In a world where everyone is feeling overloaded, information with less friction and overhead stands out. Because we’re wired to quickly grasp information in picture or video form, slogging through unnecessary details can quickly turn people off. Sales wants to keep it simple, with room to personalize content for each customer’s needs. Ask yourself: Can the recipient look at the pictures, read the headlines, and get it? A “less is more” approach makes it easy for both Sales and customers to understand — and retain — the important stuff.

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#4: What buyer journey stage(s) does this content support?

Are you looking to pique interest, nurture a buyer, prove your value claims, or facilitate closing? A single marketing asset probably can’t cover all buyer stages adequately, which means you’ll need stage-specific content — but doing everything as a one-off can get expensive. It’s more cost-effective to plan the content you’ll need to support the buyer journey all at once, with the ability to adapt and re-use when appropriate. This sets up Sales for success throughout the entire buyer journey, while also helping to keep costs in check.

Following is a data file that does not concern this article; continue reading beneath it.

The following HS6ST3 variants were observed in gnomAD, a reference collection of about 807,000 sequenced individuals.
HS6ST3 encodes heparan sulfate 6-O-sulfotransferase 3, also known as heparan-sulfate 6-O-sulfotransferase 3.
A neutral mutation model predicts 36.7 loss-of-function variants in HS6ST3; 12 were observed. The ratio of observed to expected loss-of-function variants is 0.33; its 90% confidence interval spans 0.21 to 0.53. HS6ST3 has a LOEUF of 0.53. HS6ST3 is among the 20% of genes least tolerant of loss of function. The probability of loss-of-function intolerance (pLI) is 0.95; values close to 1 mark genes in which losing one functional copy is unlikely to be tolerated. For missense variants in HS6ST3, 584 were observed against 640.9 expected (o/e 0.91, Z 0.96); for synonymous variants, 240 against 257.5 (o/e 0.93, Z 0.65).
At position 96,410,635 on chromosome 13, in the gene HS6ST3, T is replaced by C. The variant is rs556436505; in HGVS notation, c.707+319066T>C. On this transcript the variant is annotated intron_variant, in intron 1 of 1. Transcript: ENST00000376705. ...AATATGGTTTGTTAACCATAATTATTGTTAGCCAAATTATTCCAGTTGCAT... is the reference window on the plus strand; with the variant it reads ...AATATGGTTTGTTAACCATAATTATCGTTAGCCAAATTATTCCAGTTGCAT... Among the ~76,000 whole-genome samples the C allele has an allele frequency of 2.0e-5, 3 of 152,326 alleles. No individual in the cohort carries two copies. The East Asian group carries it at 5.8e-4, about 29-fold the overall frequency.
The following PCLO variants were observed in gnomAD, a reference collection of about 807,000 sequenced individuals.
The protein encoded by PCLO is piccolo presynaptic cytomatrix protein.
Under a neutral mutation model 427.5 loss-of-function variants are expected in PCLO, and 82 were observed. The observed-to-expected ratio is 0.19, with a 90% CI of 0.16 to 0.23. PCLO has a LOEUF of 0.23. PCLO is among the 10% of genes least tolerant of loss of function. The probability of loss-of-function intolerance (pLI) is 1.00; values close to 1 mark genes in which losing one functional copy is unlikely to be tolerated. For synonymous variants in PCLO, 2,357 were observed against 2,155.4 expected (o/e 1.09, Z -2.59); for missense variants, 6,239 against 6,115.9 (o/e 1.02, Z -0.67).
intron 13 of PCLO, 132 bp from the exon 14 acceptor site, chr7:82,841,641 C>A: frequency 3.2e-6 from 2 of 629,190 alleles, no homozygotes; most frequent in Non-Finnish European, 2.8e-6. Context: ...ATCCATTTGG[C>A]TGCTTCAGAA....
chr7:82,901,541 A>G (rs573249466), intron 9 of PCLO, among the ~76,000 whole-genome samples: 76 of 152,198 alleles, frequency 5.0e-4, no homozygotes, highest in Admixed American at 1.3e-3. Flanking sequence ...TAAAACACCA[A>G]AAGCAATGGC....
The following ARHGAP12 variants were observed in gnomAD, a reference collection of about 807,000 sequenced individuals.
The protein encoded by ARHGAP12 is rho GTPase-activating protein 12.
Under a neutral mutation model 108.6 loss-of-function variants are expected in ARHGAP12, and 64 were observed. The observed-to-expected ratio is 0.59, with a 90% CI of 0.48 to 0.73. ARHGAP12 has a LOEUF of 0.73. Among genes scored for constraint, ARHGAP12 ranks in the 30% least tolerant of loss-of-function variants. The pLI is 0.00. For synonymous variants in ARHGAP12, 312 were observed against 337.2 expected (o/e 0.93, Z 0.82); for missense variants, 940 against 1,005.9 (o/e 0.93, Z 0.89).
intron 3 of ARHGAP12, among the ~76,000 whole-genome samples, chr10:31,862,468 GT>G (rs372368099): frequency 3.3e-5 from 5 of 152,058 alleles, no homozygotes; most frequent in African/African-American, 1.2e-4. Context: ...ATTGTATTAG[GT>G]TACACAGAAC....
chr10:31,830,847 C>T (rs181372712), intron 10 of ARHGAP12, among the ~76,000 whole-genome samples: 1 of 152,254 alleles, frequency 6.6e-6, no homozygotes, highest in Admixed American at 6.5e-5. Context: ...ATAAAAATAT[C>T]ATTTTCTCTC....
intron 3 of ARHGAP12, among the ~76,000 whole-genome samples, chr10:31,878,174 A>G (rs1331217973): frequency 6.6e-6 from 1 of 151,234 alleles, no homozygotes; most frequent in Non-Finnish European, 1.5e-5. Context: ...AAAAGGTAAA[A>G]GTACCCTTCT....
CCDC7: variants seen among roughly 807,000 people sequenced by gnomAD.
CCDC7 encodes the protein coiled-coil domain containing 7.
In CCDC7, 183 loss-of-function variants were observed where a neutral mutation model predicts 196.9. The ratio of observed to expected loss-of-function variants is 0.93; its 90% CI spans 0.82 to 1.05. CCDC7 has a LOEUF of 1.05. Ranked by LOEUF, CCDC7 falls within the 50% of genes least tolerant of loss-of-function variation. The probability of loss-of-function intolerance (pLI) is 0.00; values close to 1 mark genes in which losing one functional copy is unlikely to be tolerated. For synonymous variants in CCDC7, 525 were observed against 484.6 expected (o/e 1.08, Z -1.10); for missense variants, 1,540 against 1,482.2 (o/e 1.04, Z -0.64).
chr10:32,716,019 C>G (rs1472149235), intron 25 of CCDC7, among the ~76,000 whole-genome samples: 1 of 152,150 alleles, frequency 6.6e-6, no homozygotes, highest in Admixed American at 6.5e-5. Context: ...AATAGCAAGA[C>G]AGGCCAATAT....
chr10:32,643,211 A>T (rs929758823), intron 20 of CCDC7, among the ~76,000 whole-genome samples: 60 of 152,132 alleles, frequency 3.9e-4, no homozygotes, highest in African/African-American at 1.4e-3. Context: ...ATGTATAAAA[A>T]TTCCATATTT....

#5: Is the purpose to provide broader context or specific details?

Make sure you distinguish your big picture story from core product info like data sheets and specs. Storytelling helps form an emotional connection to your audience, while core materials are detail-oriented and fact-driven. A value story that drags people kicking and screaming through slide after slide after slide can turn off customers with data overwhelm. Product-centric content that has too much story pumped into it can frustrate customers who are looking to dive deeper. Knowing whether customers need message simplicity or detailed specs — and providing those resources to Sales — can make a major impact in closing deals.

#6: Will this content be Sales-led or independently consumed?